Act 1, Scene 1…Enter Godot

I learned something new the other night, which is always fun, but this was quite profoundly important – important to someone who fancies himself as a bit of a litterateur and critic at any rate.

It was this: I had never properly understood the importance of a performance to give meaning to a play text.

Seems obvious, I know (and I feel a real dunce on reflection), but until I saw the recent STC production of Waiting for Godot, I had never quite realised that the play is a comedy.

What makes it worse is that I studied the text at uni – and did very well in that course, if I do say so myself. But I’d never actually seen the play, so had never had the benefit of a performance to bring the words to life.

Of course, I’ve read plenty of other play texts and never had a problem getting jokes (if they were there) or perceiving the drama. Shakespeare’s fairly straightforward on paper – likewise Arthur Miller – but Godot is an absurdist piece and must be performed to give the words the additional dimension that is only ever dormant in the text.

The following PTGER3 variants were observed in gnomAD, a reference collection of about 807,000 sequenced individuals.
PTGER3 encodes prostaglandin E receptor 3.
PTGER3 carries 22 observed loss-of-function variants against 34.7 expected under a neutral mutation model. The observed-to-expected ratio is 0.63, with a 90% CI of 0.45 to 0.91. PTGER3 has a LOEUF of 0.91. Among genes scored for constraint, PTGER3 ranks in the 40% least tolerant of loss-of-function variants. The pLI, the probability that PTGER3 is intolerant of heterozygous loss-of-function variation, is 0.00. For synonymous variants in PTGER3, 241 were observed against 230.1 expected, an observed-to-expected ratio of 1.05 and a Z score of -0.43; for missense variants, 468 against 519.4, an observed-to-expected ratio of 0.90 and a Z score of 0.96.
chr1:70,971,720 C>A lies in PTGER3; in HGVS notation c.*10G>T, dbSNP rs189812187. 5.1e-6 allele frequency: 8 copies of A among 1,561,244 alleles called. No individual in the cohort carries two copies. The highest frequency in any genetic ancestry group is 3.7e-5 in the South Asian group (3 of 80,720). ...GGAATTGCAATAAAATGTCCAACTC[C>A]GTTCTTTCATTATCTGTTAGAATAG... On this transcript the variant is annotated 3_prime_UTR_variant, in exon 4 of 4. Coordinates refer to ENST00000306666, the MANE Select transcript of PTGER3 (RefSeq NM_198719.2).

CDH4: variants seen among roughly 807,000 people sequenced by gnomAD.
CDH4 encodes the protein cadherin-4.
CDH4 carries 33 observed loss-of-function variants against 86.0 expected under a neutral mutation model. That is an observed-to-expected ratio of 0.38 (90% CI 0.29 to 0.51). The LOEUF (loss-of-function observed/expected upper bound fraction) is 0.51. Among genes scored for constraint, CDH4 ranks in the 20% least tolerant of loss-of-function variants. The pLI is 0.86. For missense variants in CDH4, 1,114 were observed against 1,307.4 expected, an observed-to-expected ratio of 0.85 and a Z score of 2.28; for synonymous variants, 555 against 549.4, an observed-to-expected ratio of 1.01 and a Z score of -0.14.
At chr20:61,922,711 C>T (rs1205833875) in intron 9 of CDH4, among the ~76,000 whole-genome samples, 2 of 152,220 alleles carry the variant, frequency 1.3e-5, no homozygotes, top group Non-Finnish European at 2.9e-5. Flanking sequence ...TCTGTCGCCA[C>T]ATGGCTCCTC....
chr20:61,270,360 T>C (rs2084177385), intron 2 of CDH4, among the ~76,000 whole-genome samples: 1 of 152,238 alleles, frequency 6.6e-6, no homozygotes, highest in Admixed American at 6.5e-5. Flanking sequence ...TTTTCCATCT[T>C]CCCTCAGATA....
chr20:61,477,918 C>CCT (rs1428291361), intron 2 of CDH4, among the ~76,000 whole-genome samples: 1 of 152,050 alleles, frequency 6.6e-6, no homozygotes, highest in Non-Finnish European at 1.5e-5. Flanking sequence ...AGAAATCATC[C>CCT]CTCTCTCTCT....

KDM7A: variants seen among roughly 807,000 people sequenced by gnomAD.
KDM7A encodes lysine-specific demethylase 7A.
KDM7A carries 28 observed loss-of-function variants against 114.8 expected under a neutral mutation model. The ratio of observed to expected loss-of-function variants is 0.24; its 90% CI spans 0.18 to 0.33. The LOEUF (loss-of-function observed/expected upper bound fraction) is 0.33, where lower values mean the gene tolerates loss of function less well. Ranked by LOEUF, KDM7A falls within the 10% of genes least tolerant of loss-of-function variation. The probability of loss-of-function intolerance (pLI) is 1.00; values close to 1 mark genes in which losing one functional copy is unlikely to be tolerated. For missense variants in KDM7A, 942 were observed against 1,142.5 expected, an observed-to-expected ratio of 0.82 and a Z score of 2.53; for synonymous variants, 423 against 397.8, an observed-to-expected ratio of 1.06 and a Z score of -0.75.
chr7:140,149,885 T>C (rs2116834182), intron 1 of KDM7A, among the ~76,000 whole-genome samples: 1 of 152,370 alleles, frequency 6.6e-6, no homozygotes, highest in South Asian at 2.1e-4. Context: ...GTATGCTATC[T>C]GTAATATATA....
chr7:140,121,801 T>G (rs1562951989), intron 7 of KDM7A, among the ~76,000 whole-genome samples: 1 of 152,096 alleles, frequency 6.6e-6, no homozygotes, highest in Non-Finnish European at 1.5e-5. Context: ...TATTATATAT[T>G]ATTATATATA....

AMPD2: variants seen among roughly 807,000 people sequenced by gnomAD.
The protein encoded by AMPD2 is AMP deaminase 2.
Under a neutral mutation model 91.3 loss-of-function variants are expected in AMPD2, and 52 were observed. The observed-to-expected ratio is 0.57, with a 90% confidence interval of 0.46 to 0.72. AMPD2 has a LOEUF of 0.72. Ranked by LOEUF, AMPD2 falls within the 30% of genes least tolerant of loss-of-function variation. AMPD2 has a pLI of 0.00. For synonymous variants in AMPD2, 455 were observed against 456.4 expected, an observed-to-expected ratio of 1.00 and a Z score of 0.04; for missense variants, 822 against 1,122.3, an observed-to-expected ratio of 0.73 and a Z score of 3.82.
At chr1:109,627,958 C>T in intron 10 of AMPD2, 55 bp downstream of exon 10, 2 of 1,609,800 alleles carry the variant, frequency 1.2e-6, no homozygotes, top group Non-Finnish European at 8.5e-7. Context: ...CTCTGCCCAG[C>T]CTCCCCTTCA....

Having said all that, not just any performance will do. My colleague Eileen (herself an actor of ability and repute) told me she had seen a different performance of Godot ten years prior, and it wasn’t funny. Well, Hugo Weaving (Vladimir) and Richard Roxburgh (Estragon) were funny.

More than funny, they were outstanding. This was a performance full of passion and venom; love and loathing; energy, ennui and despair. Exactly the kind of performance needed to give full effect to the author’s vision, and I have no doubt Samuel Beckett would have been first to stand applauding at the curtain.

Phillip Quast was also fantastically evil and imperious as Pozzo and Luke Mullins’ Lucky made me deeply uncomfortable while also making me laugh. The cast and the performance was nothing less than world class, which is pretty much what it takes to make this play watchable – anything less and the whole thing collapses like a house of incomprehensible cards.

I walked out feeling that I genuinely understood what Beckett was trying to say, rather than just sealing it off in a compartment of my mind with the label: ‘existential play about the futility of the human condition’.

God knows what I wrote in my essay at uni about it, but now I get it.